The frequency of influenza and bacterial coinfection: a systematic review and meta-analysis

Eili Y. Klein, Bradley Monteforte, Alisha Gupta, Wendi Jiang, Larissa S May, Yu Hsiang Hsieh, Andrea Dugas

Research output: Contribution to journalReview article

46 Citations (Scopus)

Abstract

Aim: Coinfecting bacterial pathogens are a major cause of morbidity and mortality in influenza. However, there remains a paucity of literature on the magnitude of coinfection in influenza patients. Method: A systematic search of MeSH, Cochrane Library, Web of Science, SCOPUS, EMBASE, and PubMed was performed. Studies of humans in which all individuals had laboratory confirmed influenza, and all individuals were tested for an array of common bacterial species, met inclusion criteria. Results: Twenty-seven studies including 3215 participants met all inclusion criteria. Common etiologies were defined from a subset of eight articles. There was high heterogeneity in the results (I2 = 95%), with reported coinfection rates ranging from 2% to 65%. Although only a subset of papers were responsible for observed heterogeneity, subanalyses and meta-regression analysis found no study characteristic that was significantly associated with coinfection. The most common coinfecting species were Streptococcus pneumoniae and Staphylococcus aureus, which accounted for 35% (95% CI, 14%–56%) and 28% (95% CI, 16%–40%) of infections, respectively; a wide range of other pathogens caused the remaining infections. An assessment of bias suggested that lack of small-study publications may have biased the results. Conclusions: The frequency of coinfection in the published studies included in this review suggests that although providers should consider possible bacterial coinfection in all patients hospitalized with influenza, they should not assume all patients are coinfected and be sure to properly treat underlying viral processes. Further, high heterogeneity suggests additional large-scale studies are needed to better understand the etiology of influenza bacterial coinfection.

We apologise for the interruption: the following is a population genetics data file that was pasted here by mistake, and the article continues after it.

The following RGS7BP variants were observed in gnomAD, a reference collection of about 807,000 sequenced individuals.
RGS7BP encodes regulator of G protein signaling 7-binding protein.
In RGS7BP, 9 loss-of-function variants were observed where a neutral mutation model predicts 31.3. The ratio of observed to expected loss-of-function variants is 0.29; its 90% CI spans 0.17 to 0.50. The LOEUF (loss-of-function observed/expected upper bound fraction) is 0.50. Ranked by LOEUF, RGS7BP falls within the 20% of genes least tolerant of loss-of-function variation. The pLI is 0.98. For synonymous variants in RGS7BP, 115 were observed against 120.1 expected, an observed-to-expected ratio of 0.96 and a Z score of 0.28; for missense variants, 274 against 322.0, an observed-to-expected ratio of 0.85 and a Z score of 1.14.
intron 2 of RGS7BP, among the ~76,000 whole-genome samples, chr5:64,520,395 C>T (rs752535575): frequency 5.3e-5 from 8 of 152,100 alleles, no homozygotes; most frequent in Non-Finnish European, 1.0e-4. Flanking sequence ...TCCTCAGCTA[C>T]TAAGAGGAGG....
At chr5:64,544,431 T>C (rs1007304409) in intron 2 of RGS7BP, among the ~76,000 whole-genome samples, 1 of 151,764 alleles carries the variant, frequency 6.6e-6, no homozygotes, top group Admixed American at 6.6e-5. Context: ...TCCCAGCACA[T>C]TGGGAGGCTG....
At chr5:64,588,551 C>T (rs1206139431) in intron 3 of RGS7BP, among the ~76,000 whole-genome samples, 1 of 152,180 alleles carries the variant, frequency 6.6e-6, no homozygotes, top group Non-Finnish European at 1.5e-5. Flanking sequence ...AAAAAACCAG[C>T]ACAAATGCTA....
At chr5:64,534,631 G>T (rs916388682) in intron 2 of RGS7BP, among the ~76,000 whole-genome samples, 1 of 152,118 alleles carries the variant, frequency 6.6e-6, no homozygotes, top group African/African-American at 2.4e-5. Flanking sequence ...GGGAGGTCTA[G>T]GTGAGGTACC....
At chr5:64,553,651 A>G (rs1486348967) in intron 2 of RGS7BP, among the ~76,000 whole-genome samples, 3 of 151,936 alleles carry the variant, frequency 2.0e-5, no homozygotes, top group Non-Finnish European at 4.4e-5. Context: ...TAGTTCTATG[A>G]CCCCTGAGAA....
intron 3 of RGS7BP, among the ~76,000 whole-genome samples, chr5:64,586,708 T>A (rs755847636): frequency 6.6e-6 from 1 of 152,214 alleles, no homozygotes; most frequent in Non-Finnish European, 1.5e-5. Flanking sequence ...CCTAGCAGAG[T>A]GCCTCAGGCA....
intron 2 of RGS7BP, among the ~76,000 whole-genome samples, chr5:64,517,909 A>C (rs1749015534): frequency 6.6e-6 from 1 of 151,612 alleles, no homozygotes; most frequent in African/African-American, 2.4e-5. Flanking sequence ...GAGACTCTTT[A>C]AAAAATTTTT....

Original languageEnglish (US)
Pages (from-to)394-403
Number of pages10
JournalInfluenza and other Respiratory Viruses
Volume10
Issue number5
DOIs
StatePublished - Sep 1 2016
Externally publishedYes

Fingerprint

Coinfection
Human Influenza
Meta-Analysis
Library Science
Streptococcus pneumoniae
Infection
PubMed
Staphylococcus aureus
Publications
Regression Analysis
Morbidity
Mortality

Keywords

  • antibiotic resistance
  • bacterial coinfection
  • influenza
  • meta-analysis
  • MRSA
  • Streptococcus Pneumoniae

ASJC Scopus subject areas

  • Epidemiology
  • Pulmonary and Respiratory Medicine
  • Public Health, Environmental and Occupational Health
  • Infectious Diseases

Cite this

The frequency of influenza and bacterial coinfection : a systematic review and meta-analysis. / Klein, Eili Y.; Monteforte, Bradley; Gupta, Alisha; Jiang, Wendi; May, Larissa S; Hsieh, Yu Hsiang; Dugas, Andrea.

In: Influenza and other Respiratory Viruses, Vol. 10, No. 5, 01.09.2016, p. 394-403.

Research output: Contribution to journalReview article